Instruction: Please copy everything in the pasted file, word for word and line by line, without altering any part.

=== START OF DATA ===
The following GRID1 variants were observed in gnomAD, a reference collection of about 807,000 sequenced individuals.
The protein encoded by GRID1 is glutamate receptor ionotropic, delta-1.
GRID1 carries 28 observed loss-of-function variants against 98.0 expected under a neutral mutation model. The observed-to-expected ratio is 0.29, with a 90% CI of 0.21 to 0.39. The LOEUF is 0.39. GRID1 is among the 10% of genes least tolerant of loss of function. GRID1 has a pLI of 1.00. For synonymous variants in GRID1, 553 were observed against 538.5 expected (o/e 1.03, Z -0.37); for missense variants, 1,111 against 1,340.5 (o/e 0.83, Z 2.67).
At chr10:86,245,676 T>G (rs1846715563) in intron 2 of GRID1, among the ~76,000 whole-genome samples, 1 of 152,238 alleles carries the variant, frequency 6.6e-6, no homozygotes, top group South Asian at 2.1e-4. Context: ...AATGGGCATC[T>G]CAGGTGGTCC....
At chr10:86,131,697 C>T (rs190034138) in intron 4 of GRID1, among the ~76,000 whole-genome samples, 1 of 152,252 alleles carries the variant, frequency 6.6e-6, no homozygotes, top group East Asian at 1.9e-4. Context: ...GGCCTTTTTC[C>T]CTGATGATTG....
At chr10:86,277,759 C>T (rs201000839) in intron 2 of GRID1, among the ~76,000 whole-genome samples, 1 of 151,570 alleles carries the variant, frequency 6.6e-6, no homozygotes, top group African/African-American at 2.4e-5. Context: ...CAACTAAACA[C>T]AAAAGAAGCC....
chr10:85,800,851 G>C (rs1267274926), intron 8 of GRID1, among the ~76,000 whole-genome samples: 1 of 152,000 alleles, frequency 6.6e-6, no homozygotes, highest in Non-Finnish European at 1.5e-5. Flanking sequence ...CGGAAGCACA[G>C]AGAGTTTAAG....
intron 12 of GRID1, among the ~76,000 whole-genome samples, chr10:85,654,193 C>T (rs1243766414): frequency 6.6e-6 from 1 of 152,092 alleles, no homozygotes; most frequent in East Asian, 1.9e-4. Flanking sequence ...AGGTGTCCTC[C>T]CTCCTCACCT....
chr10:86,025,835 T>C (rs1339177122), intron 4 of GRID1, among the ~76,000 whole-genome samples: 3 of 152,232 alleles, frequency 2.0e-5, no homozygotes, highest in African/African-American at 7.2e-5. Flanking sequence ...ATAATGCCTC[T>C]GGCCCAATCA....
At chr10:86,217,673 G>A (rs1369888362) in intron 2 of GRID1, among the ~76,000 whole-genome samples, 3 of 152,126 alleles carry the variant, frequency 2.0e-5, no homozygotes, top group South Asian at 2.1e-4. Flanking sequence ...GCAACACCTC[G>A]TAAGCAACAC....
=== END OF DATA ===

The following GRID1 variants were observed in gnomAD, a reference collection of about 807,000 sequenced individuals.
The protein encoded by GRID1 is glutamate receptor ionotropic, delta-1.
GRID1 carries 28 observed loss-of-function variants against 98.0 expected under a neutral mutation model. The observed-to-expected ratio is 0.29, with a 90% CI of 0.21 to 0.39. The LOEUF is 0.39. GRID1 is among the 10% of genes least tolerant of loss of function. GRID1 has a pLI of 1.00. For synonymous variants in GRID1, 553 were observed against 538.5 expected (o/e 1.03, Z -0.37); for missense variants, 1,111 against 1,340.5 (o/e 0.83, Z 2.67).
At chr10:86,245,676 T>G (rs1846715563) in intron 2 of GRID1, among the ~76,000 whole-genome samples, 1 of 152,238 alleles carries the variant, frequency 6.6e-6, no homozygotes, top group South Asian at 2.1e-4. Context: ...AATGGGCATC[T>G]CAGGTGGTCC....
At chr10:86,131,697 C>T (rs190034138) in intron 4 of GRID1, among the ~76,000 whole-genome samples, 1 of 152,252 alleles carries the variant, frequency 6.6e-6, no homozygotes, top group East Asian at 1.9e-4. Context: ...GGCCTTTTTC[C>T]CTGATGATTG....
At chr10:86,277,759 C>T (rs201000839) in intron 2 of GRID1, among the ~76,000 whole-genome samples, 1 of 151,570 alleles carries the variant, frequency 6.6e-6, no homozygotes, top group African/African-American at 2.4e-5. Context: ...CAACTAAACA[C>T]AAAAGAAGCC....
chr10:85,800,851 G>C (rs1267274926), intron 8 of GRID1, among the ~76,000 whole-genome samples: 1 of 152,000 alleles, frequency 6.6e-6, no homozygotes, highest in Non-Finnish European at 1.5e-5. Flanking sequence ...CGGAAGCACA[G>C]AGAGTTTAAG....
intron 12 of GRID1, among the ~76,000 whole-genome samples, chr10:85,654,193 C>T (rs1243766414): frequency 6.6e-6 from 1 of 152,092 alleles, no homozygotes; most frequent in East Asian, 1.9e-4. Flanking sequence ...AGGTGTCCTC[C>T]CTCCTCACCT....
chr10:86,025,835 T>C (rs1339177122), intron 4 of GRID1, among the ~76,000 whole-genome samples: 3 of 152,232 alleles, frequency 2.0e-5, no homozygotes, highest in African/African-American at 7.2e-5. Flanking sequence ...ATAATGCCTC[T>C]GGCCCAATCA....
At chr10:86,217,673 G>A (rs1369888362) in intron 2 of GRID1, among the ~76,000 whole-genome samples, 3 of 152,126 alleles carry the variant, frequency 2.0e-5, no homozygotes, top group South Asian at 2.1e-4. Flanking sequence ...GCAACACCTC[G>A]TAAGCAACAC....